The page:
Three weird sisters of Shakespeare’s “Macbeth” directly address the audience in Whitney White’s ensemble production.
“Women, what is something you want right now? Call it out, you can say it,” one witch says. “Say it, claim it. What is something you want right now?”
The witches line up in a row, singing a Hallelujah chorus to pay their respects to the new king and queen, who, through manipulation and murder, have seized the crown.
"What does it feel like? What is it going to take? In this world, is it worth it?” they ask.
And without skipping a beat, White as Lady Macbeth retorts:
“Girl! It was worth it.”
The American Repertory Theater’s newest production melds a rock concert with a play. “Macbeth in Stride,” which opens Oct. 28, is a musical, contemporary take on a classic tragedy, and tells a story from Lady Macbeth’s perspective.
Through a range of musical genres: pop, rock, gospel and R&B, White takes us inside the mind of the murderous Lady Macbeth. White is the creator, composer, and co-orchestrator.
"Music is an equalizer. It doesn't matter what side of the aisle you're on, you probably like Tina Turner and the Doors," White said. "Maybe we can do a magic trick and help people see that it's it's for all of us and about all of us."
The queen’s narrative arc is portrayed as one of hubris and ruthlessness. She’s often criticized for being more ambitious than her husband, crooked enough to do whatever it takes to rise to the top. In a song called “Reach for It,” White sings:
“But if foul is fair and fair is foul then ambition is not a sin at all…"
White delves into these innermost impulses using contemporary black female power, desire, and femininity as the through line. Ambition as both compass and downfall. "Macbeth in Stride" is the first of a five-part series of concert pieces in which White will explore the women in Shakespeare’s plays. Next on her roster is a quieter, sadder, rock ballad about Emilia, wife of the devilish villain Iago from Othello.
She’ll draw inspiration from grunge bands such as Nirvana.
“I did fall in love with Shakespeare, which is an interesting thing to interrogate. I am a black woman from Chicago, and I fell in love with Shakespeare,” White said. “I see myself in his world. I see my homegirls in his world. I see my mom and her sisters in his world. If all the world's a stage then all of us are in those plays.”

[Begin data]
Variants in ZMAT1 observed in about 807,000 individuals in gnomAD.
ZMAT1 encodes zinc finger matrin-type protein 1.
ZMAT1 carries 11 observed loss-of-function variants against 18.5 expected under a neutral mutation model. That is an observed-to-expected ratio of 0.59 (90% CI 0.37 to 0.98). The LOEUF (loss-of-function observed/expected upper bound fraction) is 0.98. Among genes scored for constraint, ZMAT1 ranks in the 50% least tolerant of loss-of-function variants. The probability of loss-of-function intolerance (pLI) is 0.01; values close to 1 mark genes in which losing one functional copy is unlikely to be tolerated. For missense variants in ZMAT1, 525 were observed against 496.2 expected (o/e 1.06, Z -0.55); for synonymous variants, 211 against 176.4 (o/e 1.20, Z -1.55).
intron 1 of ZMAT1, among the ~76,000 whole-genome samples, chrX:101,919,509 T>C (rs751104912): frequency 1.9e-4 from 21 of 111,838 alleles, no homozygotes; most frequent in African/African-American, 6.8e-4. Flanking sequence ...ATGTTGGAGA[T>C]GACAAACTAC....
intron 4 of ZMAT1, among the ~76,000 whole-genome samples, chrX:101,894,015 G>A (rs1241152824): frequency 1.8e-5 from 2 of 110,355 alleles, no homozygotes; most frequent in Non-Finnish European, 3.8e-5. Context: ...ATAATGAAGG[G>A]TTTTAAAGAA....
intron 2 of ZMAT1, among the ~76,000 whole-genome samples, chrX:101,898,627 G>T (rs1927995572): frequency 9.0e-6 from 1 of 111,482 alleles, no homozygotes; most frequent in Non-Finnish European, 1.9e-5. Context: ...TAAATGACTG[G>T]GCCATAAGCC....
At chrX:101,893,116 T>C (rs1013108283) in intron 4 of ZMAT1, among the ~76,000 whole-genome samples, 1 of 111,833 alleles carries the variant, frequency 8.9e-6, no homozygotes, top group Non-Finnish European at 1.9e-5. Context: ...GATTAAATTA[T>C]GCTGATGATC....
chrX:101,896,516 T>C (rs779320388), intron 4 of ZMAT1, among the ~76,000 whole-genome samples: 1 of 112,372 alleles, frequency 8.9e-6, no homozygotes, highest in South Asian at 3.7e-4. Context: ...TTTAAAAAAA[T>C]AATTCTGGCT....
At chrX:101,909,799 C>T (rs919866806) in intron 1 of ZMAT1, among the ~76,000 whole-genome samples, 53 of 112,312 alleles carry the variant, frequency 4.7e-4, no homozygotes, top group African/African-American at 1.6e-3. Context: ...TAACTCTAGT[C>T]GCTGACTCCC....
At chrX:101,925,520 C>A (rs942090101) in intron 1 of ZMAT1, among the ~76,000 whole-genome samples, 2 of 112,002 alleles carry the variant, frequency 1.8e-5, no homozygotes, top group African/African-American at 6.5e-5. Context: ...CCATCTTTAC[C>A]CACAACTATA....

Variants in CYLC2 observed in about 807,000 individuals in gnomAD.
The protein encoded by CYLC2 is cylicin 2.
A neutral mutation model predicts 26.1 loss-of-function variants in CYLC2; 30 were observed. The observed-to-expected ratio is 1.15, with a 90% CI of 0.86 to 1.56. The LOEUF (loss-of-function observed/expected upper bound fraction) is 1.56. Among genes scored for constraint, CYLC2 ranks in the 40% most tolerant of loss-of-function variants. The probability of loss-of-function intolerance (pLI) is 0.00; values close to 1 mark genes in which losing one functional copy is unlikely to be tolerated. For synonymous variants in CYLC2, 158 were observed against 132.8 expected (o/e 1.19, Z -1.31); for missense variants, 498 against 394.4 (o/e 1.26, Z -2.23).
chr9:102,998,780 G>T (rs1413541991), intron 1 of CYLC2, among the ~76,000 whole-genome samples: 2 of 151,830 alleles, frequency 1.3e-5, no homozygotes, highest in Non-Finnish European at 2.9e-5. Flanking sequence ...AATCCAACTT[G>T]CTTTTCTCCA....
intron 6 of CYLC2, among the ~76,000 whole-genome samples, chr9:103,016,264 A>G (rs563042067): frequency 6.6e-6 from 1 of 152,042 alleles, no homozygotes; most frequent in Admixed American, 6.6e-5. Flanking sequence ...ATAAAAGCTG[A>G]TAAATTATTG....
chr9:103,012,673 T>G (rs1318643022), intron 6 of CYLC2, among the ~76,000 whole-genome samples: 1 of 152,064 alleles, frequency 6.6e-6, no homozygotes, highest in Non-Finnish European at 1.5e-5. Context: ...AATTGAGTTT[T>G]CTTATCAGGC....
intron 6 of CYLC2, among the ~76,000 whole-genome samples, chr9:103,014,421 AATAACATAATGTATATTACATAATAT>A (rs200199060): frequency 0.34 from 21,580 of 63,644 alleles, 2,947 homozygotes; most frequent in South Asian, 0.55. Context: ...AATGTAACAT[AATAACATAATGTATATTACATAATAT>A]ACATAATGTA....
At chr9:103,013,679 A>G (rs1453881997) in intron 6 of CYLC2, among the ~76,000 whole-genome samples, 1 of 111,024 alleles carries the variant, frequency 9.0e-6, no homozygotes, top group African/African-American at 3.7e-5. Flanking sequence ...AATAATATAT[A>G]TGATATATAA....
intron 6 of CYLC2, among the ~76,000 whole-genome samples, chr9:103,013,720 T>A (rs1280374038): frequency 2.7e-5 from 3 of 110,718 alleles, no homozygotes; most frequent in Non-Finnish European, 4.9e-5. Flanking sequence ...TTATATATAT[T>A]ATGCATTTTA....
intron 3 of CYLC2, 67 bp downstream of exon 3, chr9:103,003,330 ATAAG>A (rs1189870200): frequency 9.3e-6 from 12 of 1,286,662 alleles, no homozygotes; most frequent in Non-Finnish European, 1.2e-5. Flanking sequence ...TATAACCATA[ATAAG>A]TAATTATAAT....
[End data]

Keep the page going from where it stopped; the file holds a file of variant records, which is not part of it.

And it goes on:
While finishing her MFA in acting at Brown/Trinity Rep in 2015, White realized she could build a story that refracts her experiences, questions the world and interrogates what women and people of color see on a stage and how they’ve been historically represented.
“There were a lot of roles I never got to do and perspectives I never got to touch. You know, I had played a maid like so many other African-American artists and artists of color, I had been the best friend,”she said. “Before graduate school I was the African-American girl in every musical, you could think of "Hair," "Hairspray," "Rent," you know what I mean? And so I was like, where is the story that speaks to me.”
One of them is Lady Macbeth’s, a role nearly always played by white woman, who like many of Shakespeare's female characters dies by her own hand away from the spotlight.
“Why do I love Lady Macbeth if she doesn't even survive her own story? What? And then I just had to take a look at myself,” she said. “And I'm still taking a look at myself with why these narratives in which women don't survive if they're ambitious for power, for love, they don't survive. Why do they stand the test of time?”
White has asked herself more than once, why does it feel good to step into the role of a monster? Because perhaps it’s the only taste of freedom Lady Macbeth gets. To aspire to a greater purpose beyond simply sitting at her husband’s side. In this show, she gets to dream.
“I guess I’ll keep it real, it's a hell of a role, and it feels so good when you're doing the language. And there's something so contemporary about her,” White said. “But at the end of the day, you can't murder people to get what you want.”
In her play, White weaves in Shakespeare’s original language and time jumps between the old world and the new. She makes Lady Macbeth’s drive relatable despite her obvious moral ambiguity. Here, the character has no qualms about persuading her husband to commit murder so he may step into the role she believes he is destined for:
“Hie thee hither,
That I may pour my spirits in thine ear
And chastise thee with the valor of my tongue
All that impedes thee from the golden round,
Which fate and metaphysical aid doth seem
To have thee crowned withall.”
Being in conversation with these iconic characters allowed White to get under their skin and better understand their motivations. Their stories stand the test of time; they offer a conduit to explore ourselves, even in their unraveling.
“Macbeth in Stride” opens Oct. 28 at the American Repertory Theater in Cambridge and runs through Nov. 14.
This segment aired on October 28, 2021.